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Travel etiquette survey pinpoints the proper way to sleep with 200 strangers

British Airways: Etiquette Guide to Sleeping at 35,000ft
Just who should get the armrest on the airplane anyways? In a new survey, British Airways asked some of the most common travel etiquette questions to create an unofficial rulebook on behaving while squished together with a few hundred passengers at 35,000 feet.

The survey asked 1,500 travelers in the United States, United Kingdom, Germany, France, and Italy how to respond to some of the most typical travel dilemmas, from waking up the passenger in the aisle seat to go to the bathroom to whether or not to take off those shoes. The group also conducted video interviews in New York and London to capture the reactions to those etiquette questions.

First, the Great Armrest Debate — who gets to use the armrest? About 67 percent of travelers surveyed said that the proper thing to do is to take one armrest and leave the other for your neighbor. Nearly half of the British and American travelers will claim both armrests when sitting in that middle seat, while travelers in Germany and France said to just give the armrest to whoever asks for them.

Removing socks midflight is a no-no, 87 percent of passengers say, though most passengers say taking off shoes is fine. While 59 percent said shoes off is fine, 79 percent of travelers in Italy said shoes-free was a no-go.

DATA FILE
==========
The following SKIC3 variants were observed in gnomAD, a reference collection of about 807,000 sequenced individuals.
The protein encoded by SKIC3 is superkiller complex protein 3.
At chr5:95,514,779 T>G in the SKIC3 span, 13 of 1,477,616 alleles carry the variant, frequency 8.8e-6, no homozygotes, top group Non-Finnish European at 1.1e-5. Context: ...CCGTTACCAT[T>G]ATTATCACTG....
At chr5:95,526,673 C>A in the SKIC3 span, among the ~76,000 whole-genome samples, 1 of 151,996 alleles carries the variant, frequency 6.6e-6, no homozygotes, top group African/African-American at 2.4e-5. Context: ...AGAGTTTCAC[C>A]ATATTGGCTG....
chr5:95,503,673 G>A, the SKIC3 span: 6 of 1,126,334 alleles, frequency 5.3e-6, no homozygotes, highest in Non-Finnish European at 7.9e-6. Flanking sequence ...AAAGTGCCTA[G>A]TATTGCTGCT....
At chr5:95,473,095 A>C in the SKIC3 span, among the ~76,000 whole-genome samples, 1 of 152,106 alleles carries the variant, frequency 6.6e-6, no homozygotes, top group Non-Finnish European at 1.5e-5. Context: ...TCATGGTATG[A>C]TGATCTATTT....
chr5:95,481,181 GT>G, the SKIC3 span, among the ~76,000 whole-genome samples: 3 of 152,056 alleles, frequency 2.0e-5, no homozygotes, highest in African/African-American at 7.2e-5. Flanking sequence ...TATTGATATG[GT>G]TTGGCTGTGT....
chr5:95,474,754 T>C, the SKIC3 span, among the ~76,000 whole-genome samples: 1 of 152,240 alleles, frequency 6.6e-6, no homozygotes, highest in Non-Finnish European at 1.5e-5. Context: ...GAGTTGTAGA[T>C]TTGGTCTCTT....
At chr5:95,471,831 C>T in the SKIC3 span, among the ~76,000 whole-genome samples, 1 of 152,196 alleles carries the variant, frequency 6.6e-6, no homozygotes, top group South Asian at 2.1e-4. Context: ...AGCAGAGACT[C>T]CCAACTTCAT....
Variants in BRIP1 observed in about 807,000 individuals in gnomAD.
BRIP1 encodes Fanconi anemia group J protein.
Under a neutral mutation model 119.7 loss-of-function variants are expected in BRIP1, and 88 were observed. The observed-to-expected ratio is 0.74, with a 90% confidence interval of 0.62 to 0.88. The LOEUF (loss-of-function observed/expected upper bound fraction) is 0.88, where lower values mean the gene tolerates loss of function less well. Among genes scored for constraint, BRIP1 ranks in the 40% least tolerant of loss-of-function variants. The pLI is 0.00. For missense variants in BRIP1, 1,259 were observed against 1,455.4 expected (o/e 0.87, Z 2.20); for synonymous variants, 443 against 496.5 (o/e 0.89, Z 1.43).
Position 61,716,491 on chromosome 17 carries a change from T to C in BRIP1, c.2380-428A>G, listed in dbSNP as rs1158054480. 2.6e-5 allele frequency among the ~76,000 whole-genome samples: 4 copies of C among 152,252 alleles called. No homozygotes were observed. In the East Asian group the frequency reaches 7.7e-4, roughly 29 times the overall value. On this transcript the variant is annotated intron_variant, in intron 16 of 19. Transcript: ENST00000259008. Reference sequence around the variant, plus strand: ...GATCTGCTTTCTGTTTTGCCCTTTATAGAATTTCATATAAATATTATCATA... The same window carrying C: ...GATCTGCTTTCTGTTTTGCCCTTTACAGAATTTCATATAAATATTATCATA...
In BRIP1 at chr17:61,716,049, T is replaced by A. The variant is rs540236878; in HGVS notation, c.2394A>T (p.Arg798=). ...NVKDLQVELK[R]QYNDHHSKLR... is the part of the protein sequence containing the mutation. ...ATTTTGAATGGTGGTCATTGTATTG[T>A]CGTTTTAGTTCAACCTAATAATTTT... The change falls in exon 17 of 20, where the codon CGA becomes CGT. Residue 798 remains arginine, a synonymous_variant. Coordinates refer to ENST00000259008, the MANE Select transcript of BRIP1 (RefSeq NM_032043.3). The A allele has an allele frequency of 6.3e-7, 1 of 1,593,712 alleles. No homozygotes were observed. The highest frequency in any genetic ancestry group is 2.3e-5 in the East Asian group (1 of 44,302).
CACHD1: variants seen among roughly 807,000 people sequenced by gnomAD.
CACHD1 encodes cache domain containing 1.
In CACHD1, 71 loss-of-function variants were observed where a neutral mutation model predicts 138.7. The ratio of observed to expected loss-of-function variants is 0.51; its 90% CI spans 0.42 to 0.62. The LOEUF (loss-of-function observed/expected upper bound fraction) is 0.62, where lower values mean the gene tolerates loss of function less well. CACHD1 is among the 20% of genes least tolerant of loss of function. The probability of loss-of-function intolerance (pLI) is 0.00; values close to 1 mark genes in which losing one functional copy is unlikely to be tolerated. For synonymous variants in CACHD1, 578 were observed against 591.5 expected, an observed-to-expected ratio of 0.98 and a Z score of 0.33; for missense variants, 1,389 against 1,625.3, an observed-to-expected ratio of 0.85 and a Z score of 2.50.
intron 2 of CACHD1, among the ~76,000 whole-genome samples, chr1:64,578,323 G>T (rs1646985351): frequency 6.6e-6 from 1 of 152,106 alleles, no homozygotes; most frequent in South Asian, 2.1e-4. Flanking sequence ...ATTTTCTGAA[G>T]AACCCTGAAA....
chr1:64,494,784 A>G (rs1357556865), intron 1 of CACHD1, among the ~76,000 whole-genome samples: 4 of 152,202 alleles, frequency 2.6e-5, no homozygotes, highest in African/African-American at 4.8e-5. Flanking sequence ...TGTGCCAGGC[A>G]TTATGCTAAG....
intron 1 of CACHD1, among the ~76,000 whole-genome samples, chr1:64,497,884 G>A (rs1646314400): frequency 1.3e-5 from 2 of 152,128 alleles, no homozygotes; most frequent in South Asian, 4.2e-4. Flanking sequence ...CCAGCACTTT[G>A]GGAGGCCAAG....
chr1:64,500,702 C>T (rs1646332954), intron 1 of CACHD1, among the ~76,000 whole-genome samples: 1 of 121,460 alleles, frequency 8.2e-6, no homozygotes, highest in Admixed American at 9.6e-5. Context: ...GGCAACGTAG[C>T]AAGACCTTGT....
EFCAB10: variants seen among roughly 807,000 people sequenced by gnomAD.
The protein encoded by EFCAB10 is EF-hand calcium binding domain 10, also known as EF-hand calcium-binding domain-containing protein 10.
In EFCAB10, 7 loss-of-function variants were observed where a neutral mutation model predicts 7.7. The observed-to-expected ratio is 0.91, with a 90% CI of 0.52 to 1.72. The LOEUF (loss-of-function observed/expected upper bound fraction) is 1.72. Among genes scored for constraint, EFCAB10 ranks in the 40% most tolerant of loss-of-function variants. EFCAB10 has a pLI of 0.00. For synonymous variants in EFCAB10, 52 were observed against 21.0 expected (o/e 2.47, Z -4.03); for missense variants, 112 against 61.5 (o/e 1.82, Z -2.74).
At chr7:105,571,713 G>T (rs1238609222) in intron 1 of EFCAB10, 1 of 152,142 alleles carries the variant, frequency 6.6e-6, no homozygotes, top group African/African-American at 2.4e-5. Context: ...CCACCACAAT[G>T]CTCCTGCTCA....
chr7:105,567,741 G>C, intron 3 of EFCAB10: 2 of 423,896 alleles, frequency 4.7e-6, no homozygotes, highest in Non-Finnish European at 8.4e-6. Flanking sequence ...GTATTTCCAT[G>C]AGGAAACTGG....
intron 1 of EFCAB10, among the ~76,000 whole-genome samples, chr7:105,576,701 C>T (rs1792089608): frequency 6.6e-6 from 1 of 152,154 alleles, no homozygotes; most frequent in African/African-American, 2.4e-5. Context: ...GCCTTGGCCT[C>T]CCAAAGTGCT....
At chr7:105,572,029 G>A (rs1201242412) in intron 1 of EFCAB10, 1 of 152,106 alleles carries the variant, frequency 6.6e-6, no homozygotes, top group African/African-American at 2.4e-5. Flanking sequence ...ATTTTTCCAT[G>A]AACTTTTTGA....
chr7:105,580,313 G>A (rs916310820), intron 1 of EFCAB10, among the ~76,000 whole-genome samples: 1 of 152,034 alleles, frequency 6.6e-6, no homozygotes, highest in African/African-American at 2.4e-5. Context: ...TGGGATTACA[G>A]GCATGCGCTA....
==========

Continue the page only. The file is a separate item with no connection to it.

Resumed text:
What about that awkward moment when you need to use the bathroom, but the passenger in the aisle seat is sleeping? Eighty percent said to wake the other passenger up to get by, but 40 percent suggested limiting the climb over to no more than once per flight. Oh, and respondents suggest sliding out face to face with the other passenger, as opposed to the alternative — though that was by a narrow 54 percent margin.

When the next passenger is snoring, 66 percent said they wouldn’t nudge them but would turn up their headphones. In the U.K. though, 20 percent said they’d do the nudge but pretend it was an accident. And if you’d rather be the one snoring, experienced travelers say they sleep better with a pillow, while 45 percent suggest bringing along noise-canceling headphones.

The questionnaire results are available through the British Airways YouTube series.

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Austin, TX (AUS)
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